Plus: Hacking your mind: We make many of our decisions, including political ones, NOT on the basis of what we “think,” but rather on feelings, intuition, and habits. New work by social scientists helps explain how this works for Donald Trump -- that’s the argument of a new series on PBS called “hacking your mind.” Ella Taylor has our review.
We are in “one of the most perilous and fraught moments for American democracy since the mid-nineteenth century,” says Chris Hayes; what’s hopeful is that “the movement we’ve seen in the streets is the largest protest movement in American history.” Chris of course hosts “All In” weeknights on MSNBC; he’s also editor-at-large of The Nation, and he spoke recently with Katrina vanden Heuvel at a Nation magazine online event.
Plus: Covid-19 is the disease that reflects all our social and economic illnesses: that’s what Manuel Pastor says, he’s director of the Equity Research Institute at USC. He reports on who’s got the dangerous jobs and who’s unemployed, which kids have computers and internet connections for at-home classes, and which don’t, and whether Trump’s effort to recruit Latino voters in key states might work.
Also: Russian efforts to interfere with our elections – that’s the subject of a new HBO documentary by one of our favorite documentary makers, Alex Gibney. He’s got footage from inside Russian “troll farms” and videos unearthed from the Russian deep web to reveal the “agents of chaos” who were key players in our elections. Ella Taylor has a review – she’s our resident TV critic.
Rick Perlstein talks about the rise of Reagan, from what seemed like a career-ending defeat in the 1976 GOP primary, to his narrow victory in the popular vote in 1980--and how the darkness of the culture war has shaped the Republican Party that Trump came to dominate. Rick's long-awaited book, 1100 pages long, is "Reaganland: America's Right Turn, 1976-1980."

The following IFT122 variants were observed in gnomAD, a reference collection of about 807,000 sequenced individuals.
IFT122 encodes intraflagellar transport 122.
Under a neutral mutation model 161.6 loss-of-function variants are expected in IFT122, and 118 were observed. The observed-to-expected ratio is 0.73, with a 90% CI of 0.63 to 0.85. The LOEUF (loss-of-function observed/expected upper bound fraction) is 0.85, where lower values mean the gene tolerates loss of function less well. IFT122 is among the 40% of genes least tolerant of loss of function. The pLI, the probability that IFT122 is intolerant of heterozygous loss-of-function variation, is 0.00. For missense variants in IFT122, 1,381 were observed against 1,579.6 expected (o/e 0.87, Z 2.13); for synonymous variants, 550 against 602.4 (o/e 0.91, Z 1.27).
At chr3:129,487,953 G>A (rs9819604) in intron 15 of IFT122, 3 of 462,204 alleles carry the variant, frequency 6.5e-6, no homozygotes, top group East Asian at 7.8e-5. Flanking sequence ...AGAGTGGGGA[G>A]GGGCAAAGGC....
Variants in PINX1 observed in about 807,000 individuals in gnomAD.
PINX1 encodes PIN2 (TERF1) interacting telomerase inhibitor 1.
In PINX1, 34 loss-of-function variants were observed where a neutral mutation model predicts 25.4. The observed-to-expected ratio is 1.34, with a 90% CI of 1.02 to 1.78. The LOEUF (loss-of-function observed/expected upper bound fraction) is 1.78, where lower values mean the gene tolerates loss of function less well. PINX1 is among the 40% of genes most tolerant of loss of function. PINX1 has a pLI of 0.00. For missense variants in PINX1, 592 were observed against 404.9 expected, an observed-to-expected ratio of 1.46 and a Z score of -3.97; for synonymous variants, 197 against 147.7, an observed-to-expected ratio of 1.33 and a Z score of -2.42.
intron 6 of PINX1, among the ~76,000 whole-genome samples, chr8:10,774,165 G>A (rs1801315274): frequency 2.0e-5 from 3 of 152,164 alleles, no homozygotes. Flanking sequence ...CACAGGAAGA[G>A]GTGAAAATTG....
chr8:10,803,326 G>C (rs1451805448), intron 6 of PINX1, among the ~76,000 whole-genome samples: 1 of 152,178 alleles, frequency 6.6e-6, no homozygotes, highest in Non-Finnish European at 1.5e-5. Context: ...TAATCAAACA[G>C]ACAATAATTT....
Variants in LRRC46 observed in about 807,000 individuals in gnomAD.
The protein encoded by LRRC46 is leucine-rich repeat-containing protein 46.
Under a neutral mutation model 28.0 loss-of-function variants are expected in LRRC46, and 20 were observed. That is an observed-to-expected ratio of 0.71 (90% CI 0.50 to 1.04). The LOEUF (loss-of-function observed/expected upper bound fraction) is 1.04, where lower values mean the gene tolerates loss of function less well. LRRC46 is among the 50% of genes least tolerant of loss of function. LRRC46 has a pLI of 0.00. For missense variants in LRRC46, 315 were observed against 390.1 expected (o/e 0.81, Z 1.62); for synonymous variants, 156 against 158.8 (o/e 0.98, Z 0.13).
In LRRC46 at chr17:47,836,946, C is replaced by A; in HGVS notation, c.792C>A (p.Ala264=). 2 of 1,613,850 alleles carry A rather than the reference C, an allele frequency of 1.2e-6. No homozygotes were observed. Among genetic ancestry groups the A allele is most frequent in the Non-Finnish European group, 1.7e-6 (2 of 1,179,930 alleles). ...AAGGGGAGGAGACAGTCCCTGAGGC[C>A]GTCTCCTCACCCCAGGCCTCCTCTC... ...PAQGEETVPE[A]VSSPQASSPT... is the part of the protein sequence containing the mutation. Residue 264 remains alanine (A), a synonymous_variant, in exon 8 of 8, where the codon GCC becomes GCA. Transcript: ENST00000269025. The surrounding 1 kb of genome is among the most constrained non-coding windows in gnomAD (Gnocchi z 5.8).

Also: Katie Porter, the new member of Congress who flipped a longtime Republican district in Orange County, talks about defending the postal service and about ending student loan debt.
Plus: we’ll talk about politics on TV in 1968 with Ella Taylor -- and about a new documentary, called “The Sit-In: Harry Belafonte Hosts the Tonight Show,” when his guests included Bobby Kennedy, Martin Luther King, and also Aretha Franklin. And it’s streaming now on Peacock.
After Kenosha: will Trump’s efforts to mobilize white backlash voters succeed, the way Nixon did in 1968? “No,” says Harold Meyerson.
Also: Radically changing our broken criminal justice system—Jody Armour's visionary radicalism. He teaches law at USC and he’s a prominent defender of Black Lives Matter—and his new book has just been published—it’s called “N*gger Theory: Race, Language, Unequal Justice, and the Law.”
Plus: Ella Taylor recommends “Epicentro,” sort of a documentary about Cuba—it’s streaming now on KinoMarquee.com.